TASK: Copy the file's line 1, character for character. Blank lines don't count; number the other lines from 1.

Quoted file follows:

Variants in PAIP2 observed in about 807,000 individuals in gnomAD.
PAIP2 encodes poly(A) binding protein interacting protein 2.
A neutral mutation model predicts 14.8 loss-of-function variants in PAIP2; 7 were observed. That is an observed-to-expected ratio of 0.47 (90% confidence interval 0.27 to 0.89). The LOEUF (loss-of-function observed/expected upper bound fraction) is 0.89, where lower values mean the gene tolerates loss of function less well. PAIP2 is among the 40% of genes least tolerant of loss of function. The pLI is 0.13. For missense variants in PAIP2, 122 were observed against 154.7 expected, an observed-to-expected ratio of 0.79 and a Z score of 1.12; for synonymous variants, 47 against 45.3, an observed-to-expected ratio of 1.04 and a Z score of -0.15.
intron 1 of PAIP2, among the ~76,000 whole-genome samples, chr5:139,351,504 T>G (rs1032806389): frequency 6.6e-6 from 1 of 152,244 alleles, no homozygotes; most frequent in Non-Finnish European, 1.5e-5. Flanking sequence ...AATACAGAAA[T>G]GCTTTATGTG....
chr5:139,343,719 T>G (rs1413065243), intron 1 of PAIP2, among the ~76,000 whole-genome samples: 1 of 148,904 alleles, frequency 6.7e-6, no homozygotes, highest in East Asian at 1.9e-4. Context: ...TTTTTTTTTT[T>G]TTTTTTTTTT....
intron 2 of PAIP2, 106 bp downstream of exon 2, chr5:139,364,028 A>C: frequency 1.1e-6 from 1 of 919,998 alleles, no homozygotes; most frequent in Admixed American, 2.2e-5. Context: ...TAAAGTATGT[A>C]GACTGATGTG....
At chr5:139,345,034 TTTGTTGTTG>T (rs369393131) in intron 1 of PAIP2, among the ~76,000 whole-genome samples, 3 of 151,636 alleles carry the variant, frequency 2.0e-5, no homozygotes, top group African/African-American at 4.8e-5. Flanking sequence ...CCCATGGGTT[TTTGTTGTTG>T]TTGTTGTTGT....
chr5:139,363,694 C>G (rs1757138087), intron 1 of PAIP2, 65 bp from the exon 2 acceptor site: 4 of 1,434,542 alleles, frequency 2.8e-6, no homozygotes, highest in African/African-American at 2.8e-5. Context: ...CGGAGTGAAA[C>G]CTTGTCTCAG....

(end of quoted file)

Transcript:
Variants in PAIP2 observed in about 807,000 individuals in gnomAD.